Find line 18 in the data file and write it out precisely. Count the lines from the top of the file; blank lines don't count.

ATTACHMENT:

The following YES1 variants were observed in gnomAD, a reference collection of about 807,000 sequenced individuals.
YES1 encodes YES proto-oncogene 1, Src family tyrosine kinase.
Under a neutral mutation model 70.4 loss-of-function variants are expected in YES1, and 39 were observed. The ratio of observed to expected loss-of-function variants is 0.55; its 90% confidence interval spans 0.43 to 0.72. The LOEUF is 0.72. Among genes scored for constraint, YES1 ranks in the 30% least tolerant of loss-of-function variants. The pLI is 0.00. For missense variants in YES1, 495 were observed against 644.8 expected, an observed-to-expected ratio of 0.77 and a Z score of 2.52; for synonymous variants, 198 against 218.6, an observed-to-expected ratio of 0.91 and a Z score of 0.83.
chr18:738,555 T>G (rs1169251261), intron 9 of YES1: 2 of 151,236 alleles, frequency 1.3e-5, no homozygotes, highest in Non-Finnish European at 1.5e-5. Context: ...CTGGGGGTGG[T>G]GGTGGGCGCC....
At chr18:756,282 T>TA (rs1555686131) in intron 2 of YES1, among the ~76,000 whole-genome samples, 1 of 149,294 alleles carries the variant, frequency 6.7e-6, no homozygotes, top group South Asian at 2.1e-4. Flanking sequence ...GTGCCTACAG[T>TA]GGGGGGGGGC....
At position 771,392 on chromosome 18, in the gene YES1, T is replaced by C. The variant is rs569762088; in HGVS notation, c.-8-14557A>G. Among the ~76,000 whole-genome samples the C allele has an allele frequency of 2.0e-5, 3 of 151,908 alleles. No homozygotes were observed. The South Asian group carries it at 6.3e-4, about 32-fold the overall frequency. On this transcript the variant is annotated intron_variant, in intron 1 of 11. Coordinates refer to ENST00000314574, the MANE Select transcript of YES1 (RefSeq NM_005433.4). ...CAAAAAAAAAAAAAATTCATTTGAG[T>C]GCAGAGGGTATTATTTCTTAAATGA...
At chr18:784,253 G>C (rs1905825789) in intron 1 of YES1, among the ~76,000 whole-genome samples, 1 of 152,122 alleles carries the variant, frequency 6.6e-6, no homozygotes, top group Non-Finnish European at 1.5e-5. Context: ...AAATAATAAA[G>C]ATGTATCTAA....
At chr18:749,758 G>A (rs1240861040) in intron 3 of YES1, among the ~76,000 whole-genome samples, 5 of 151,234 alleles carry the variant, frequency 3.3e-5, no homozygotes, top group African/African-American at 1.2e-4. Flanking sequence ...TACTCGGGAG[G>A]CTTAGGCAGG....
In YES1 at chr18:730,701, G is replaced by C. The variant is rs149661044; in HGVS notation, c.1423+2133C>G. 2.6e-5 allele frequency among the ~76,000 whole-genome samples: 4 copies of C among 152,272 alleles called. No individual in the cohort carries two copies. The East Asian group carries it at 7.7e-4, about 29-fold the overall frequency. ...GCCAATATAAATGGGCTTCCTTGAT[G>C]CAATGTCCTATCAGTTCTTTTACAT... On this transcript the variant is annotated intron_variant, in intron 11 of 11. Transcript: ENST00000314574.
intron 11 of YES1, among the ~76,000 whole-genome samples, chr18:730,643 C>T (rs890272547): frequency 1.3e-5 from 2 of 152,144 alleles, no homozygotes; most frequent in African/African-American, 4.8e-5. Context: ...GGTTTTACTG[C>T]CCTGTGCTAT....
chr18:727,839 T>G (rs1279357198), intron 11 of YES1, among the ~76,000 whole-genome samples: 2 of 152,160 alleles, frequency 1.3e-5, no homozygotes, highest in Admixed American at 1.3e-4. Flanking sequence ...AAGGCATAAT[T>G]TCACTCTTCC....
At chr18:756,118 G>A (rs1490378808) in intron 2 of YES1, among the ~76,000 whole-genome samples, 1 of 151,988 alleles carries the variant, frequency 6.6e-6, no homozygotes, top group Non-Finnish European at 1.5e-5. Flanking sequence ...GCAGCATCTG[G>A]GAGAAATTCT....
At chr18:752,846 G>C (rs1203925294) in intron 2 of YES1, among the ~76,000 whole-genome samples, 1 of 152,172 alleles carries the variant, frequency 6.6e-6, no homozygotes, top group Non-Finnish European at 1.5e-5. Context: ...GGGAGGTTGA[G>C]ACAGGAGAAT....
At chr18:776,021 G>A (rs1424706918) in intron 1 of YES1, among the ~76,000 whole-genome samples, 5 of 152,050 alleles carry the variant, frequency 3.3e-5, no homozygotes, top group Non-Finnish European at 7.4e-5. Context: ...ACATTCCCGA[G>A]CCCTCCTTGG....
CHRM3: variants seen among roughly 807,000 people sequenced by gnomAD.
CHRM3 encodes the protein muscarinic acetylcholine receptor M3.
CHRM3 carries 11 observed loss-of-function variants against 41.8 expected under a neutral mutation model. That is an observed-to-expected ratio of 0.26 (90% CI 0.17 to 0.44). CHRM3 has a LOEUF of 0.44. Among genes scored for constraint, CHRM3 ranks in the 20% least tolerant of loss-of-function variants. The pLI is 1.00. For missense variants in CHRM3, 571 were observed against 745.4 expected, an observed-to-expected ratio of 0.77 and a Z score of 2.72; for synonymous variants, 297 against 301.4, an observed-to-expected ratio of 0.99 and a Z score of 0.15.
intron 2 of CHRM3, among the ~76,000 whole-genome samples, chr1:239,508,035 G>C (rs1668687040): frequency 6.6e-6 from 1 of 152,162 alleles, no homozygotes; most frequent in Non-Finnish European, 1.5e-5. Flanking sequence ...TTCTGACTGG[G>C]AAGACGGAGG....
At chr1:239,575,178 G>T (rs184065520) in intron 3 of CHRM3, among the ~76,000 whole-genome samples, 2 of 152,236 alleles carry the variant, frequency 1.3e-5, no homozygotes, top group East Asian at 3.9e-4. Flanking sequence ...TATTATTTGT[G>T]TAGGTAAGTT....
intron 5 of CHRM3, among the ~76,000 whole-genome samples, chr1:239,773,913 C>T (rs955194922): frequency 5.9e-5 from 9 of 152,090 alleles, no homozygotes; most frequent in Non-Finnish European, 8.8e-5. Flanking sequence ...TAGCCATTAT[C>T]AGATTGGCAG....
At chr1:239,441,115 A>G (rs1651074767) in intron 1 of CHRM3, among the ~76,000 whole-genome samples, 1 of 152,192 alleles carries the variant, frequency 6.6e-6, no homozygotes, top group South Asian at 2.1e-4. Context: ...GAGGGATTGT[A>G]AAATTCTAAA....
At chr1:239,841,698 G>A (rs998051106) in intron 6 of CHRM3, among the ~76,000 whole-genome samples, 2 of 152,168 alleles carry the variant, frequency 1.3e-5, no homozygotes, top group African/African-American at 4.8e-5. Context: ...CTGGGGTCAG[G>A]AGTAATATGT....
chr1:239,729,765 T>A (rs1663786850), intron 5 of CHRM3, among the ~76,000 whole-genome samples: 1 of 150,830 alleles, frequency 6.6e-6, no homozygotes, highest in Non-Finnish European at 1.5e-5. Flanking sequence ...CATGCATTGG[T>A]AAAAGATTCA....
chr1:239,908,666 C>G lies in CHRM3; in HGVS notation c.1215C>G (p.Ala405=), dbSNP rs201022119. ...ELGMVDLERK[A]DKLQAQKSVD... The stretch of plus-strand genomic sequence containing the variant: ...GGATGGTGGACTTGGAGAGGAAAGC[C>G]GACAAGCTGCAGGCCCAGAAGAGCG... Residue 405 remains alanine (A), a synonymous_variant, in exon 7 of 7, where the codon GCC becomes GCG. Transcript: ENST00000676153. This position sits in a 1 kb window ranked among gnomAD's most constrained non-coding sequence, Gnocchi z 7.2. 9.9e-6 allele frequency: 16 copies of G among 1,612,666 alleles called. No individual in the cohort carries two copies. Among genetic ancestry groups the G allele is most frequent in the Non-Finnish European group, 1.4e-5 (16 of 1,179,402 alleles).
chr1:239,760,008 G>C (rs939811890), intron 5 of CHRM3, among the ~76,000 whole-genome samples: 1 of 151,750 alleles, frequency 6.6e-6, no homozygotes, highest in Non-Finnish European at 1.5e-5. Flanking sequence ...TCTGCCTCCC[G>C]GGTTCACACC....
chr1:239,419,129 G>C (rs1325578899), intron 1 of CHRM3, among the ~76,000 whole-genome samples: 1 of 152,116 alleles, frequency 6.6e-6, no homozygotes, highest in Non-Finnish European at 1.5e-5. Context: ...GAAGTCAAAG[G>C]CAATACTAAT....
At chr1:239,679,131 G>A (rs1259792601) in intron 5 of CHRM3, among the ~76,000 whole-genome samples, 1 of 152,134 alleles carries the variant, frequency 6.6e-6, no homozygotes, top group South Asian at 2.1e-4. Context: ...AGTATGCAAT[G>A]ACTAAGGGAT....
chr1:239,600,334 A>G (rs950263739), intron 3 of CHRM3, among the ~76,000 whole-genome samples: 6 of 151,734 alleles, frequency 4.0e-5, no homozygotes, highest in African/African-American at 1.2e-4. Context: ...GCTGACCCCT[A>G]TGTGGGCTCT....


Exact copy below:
intron 2 of CHRM3, among the ~76,000 whole-genome samples, chr1:239,508,035 G>C (rs1668687040): frequency 6.6e-6 from 1 of 152,162 alleles, no homozygotes; most frequent in Non-Finnish European, 1.5e-5. Flanking sequence ...TTCTGACTGG[G>C]AAGACGGAGG....